2. Add enough vinegar that it rises about two inches above the herbs; close the jar tight and let it sit in a warm or sunny spot for 2-3 weeks

3. Strain out the herbs with a fine mesh – try and get all the bits out as any fragments may turn rancid over time

4. Add either rose water or witch hazel in a ratio of 1:1 to the remaining liquid

5. Add the essential oils, if you so desire

6. Rebottle the mixture and store in a cool, dry place

Have you ever come across the Queen of Hungary’s Water? Tried it? Liked it?

The (many) beauty benefits of lavender: Ultra-easy DIY recipes included!

To me, nothing says summer more than lavender. Just its fragrance is enough to evoke the memories of balmy countryside days, soft purple bushes shimmering against a blue sky, emerald green grass glowing with refreshing dew drops, rolling fields stretching towards the mountains… all of childhood rolled into one pretty package.

But lavender is much more than just a pretty flower. It is also one of the most powerful remedies in the plant world, offering relief for problems as varied as sunburns, acne and dandruff, because of which the ancient Egyptians and Romans treasured the oil extracted from its leaves and flowers.

This amazing spectrum of healing powers is due to lavender’s complex chemical makeup, which is chockfull of antiseptic, antioxidant and anti-inflammatory goodness. Even a mere whiff of its fragrance has potent aromatherapy benefits. And this is no subtle, old lady fragrance – it’s a heady scent that rivals bottled perfume.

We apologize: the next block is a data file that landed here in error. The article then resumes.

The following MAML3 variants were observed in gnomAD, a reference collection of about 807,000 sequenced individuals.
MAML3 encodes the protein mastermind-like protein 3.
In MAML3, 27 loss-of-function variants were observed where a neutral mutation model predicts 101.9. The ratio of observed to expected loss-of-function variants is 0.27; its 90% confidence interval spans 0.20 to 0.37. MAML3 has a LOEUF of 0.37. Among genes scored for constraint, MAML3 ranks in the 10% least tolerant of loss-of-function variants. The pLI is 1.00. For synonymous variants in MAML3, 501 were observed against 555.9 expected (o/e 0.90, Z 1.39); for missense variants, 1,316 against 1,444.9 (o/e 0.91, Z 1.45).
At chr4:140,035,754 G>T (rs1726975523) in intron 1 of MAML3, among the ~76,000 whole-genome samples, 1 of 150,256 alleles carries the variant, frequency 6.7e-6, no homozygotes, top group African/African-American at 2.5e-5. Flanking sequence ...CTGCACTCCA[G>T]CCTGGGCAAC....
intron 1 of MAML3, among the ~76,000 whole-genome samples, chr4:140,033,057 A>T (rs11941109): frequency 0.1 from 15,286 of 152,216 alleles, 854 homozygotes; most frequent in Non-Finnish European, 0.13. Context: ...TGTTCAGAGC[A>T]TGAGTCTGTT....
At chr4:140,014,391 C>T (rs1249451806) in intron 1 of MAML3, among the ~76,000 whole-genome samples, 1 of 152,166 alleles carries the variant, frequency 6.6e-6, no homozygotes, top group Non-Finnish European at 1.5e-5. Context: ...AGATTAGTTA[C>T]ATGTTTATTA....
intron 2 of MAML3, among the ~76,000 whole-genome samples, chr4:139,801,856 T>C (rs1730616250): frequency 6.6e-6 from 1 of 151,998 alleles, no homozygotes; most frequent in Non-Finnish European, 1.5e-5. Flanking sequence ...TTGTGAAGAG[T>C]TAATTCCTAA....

Through various trips to Grasse and Kashmir, I have reaped the recipes of some gorgeous face masks, scrubs and body butters that help you harness all the beauty and wellness of lavender in its purest form.

Rejuvenating lavender toner

How to: Take a handful of fresh lavender and 100 ml water. Boil the water and then pour in the lavender buds, making sure they are completely submerged. Cover the bowl and leave the brew to steep for a few hours. Then drain the mixture, pour the water into a clean glass bottle and store in the refrigerator. After washing your face in the morning, spray a little bit of the lavender water on a cotton pad and gently wipe your face to instantly refresh the skin.

The science: Lavender boosts circulation, thereby increasing blood flow and ensuring that the skin cells receive adequate nutrition and oxygen. This keeps the cells healthy and boosts their turnover.

Anti-acne lavender remedy

How to: Dab lavender oil onto acne blemishes or skin infections with a cotton swab.

The science: Essential lavender oil is antiseptic and anti-inflammatory. These properties allow it to both attack the bacteria causing acne infections and reduce the swelling and redness.

Lavender sunburn soother

How to: Add a few drops of lavender oil to a bowl of cool water. Make a compress and apply it to the sunburn.

The science: Lavender oil is a natural anti-inflammatory, so it helps reduce itching, swelling and redness.

Lavender burn cure

How to: Pour a few drops of lavender oil onto cotton and apply to burns for healing sans scars.

The science: Lavender oil’s burn-healing superpowers are responsible for the birth of modern aromatherapy. In 1928 a French chemist, René-Maurice Gattefossé, burned his hand. He accidentally applied lavender oil to it and noticed the burn healed much faster than expected. David then discovered that lavender stimulates new skin cell formation. This reduces scarring and helps burns heal quicker. It also works as a pain reliever, while the antiseptic action helps reduce infection.

Lavender detox sugar scrub

How to: Whisk together ¼ cup each of white and brown sugar, then stir in 1 teaspoon pure vanilla extract. Add 1 teaspoon dried lavender, gently crushing the buds between your fingers. Stir in 1 teaspoon almond or jojoba oil and then add 1 tablespoon honey, mixing until everything is evenly combined and you have a thick paste. Transfer the scrub to a glass jar and store in refrigerator.

The science: Lavender contains powerful antioxidants, which counter the effects of environmental pollution on the skin. Plus, it also helps dispel stress and nerves, both of which make skin appear coarse and lifeless.